How Long After Smoking Weed Can You Breastfeed Again?

Marijuana compounds can stay active in breastmilk up to a week after mothers smoked it, scientists warn.

Originally Published: 
Close up of a woman smoking weed.
Mayara Klingner / EyeEm / Getty

Breastfeeding people who smoke marijuana can pass THC, the primary psychoactive component in marijuana, to their babies nearly a week after use, new research suggests. Although the American Academy of Pediatrics already recommends mothers refrain from smoking weed while breastfeeding, the findings are the first to demonstrate that using cannabis and then waiting a few hours, or even days, to breastfeed may not cut it.

“Pediatricians are often put into a challenging situation when a breastfeeding mother asks about the safety of marijuana use,” study author Christina Chambers, Ph.D., a pediatrics professor at the UC San Diego School of Medicine and director of clinical research at Rady Children’s Hospital-San Diego, said in a statement. “If women feel they have to choose, we run the risk of them deciding to stop breastfeeding — something we know is hugely beneficial for both mom and baby.”

Early breastfeeding has been linked with reduced risk of asthma, obesity, and sudden infant death syndrome, along with improved health and intelligence later in life, research shows — and that’s just for the babies. There’s evidence that breastfeeding is good for moms as well, and it may lower their risk for developing breast and uterine cancers, as well as type 2 diabetes. The message is clear: If moms can breastfeed, they should.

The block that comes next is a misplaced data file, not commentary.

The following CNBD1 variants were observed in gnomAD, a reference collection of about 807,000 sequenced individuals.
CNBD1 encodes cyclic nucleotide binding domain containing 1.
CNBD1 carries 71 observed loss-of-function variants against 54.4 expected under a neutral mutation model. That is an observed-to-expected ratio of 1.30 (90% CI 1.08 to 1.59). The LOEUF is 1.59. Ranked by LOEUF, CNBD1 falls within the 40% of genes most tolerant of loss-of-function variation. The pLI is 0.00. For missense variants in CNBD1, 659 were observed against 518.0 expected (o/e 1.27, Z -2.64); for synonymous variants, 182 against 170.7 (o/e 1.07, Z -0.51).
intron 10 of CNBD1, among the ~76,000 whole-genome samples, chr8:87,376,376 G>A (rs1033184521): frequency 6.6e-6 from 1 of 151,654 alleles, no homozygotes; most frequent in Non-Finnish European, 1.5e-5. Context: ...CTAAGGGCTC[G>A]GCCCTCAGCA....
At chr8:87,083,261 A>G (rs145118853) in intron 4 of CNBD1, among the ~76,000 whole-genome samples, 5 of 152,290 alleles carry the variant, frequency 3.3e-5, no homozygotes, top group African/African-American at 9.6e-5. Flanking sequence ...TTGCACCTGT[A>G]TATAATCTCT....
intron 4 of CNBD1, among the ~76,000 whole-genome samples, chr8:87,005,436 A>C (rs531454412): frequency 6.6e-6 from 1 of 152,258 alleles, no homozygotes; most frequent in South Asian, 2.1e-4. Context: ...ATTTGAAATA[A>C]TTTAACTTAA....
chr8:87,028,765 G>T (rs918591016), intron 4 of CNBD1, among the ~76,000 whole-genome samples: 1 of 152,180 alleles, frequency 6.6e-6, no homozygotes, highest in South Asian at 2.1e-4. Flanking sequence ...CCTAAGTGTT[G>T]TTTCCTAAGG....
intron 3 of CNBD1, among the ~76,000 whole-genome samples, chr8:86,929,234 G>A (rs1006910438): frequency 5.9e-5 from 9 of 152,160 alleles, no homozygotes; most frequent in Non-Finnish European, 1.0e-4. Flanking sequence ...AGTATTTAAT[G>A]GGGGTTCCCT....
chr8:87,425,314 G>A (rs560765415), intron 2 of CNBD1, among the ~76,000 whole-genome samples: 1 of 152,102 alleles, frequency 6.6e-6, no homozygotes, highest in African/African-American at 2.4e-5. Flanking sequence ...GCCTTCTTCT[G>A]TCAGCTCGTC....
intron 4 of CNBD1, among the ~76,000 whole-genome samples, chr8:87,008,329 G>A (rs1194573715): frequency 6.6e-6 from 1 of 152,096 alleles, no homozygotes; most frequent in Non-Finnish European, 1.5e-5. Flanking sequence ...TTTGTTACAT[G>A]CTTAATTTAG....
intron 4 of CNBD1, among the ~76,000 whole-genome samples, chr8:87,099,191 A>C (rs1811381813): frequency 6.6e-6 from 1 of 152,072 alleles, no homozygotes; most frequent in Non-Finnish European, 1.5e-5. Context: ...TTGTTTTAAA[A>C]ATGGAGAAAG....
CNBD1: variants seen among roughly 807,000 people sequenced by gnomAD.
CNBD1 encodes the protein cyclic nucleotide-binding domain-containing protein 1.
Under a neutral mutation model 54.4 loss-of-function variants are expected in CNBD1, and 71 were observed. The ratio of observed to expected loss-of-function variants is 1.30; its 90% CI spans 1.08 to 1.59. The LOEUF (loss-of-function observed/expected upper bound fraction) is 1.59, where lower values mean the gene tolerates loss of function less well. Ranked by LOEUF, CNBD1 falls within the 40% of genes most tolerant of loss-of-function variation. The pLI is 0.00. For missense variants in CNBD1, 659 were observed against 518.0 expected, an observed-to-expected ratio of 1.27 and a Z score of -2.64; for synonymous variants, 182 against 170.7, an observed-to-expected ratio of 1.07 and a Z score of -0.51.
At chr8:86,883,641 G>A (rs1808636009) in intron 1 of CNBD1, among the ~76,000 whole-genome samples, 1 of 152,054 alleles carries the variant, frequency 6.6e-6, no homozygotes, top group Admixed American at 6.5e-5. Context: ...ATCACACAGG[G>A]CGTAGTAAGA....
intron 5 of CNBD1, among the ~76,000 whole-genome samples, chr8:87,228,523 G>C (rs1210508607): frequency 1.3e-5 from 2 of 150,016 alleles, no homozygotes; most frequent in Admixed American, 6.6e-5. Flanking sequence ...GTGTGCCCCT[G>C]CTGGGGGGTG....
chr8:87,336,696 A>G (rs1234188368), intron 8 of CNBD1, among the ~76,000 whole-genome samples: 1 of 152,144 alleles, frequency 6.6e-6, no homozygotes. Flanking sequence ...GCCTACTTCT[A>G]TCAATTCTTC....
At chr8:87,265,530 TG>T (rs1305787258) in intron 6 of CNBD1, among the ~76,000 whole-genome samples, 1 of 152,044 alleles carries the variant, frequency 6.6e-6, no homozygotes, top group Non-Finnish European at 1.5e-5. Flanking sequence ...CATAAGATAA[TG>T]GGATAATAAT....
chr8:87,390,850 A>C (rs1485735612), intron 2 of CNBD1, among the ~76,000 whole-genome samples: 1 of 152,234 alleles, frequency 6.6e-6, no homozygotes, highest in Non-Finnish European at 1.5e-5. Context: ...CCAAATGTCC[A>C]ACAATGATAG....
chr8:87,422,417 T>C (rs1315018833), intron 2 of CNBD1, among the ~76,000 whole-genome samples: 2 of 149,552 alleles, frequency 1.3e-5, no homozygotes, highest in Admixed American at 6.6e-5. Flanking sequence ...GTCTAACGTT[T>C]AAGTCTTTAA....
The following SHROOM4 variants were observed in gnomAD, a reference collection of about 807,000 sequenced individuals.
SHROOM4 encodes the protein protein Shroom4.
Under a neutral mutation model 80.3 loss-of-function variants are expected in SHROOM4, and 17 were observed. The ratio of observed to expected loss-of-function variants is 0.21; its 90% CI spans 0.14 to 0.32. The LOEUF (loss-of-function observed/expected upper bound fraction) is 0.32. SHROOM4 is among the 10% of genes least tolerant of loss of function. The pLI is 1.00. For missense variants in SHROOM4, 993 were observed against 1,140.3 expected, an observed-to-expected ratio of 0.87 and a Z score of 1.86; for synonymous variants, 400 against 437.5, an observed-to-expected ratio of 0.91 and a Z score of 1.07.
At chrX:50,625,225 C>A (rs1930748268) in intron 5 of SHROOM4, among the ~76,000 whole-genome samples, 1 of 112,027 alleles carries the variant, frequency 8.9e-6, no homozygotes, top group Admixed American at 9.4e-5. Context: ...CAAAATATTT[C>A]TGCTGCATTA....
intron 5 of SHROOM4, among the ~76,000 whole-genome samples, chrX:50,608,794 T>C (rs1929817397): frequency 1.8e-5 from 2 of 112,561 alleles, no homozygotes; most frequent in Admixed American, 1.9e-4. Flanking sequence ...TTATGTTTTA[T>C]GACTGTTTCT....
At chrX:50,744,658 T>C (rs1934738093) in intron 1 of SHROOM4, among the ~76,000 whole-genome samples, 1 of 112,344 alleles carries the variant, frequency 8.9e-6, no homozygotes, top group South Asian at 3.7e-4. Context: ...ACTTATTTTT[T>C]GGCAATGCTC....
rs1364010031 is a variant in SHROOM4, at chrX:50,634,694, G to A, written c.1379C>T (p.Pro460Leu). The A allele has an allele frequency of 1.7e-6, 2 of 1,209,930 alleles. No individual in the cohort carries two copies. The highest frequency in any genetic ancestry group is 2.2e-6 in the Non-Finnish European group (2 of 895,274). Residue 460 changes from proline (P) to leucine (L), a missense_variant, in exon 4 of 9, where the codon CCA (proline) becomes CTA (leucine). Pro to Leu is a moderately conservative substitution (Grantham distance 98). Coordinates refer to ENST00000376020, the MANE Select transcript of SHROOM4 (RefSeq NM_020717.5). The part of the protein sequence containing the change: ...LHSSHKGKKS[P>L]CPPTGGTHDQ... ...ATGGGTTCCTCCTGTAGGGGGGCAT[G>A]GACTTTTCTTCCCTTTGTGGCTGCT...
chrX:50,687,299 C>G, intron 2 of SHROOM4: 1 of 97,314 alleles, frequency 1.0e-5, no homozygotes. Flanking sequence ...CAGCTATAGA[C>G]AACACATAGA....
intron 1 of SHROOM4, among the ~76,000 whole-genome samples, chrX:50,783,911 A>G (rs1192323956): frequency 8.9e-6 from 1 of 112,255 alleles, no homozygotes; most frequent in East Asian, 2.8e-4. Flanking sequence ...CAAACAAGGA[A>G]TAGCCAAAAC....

Unless, of course, breastfeeding passes dangerous chemicals to their babies. The question of marijuana use has long plagued the medical community. Can a mom smoke up between pumps? And how long after a hit can she feed her baby again?

To get a better idea of what could actually happen when breastfeeding moms get high, Chambers and colleagues collected 54 breastmilk samples from 50 women who smoked marijuana either daily, weekly, or sporadically. THC was found in 63% of the breastmilk samples for up to six days after self-reported use. Although researchers note that the amount of THC was relatively low, they can’t say whether even trace amounts of it are safe for newborns.

The findings raise important questions for parents about pot use — especially those who see it as a healthier alternative to alcohol. However, more research is needed to uncover any long-term risks of mixing THC with breastmilk, Chambers says.

“Are there any differences in effects of marijuana in breast milk for a two-month-old versus a 12-month-old, and is it different if the mother smokes versus eats the cannabis?” she says. “These are critical areas where we need answers as we continue to promote breastmilk as the premium in nutrition for infants.”

This article was originally published on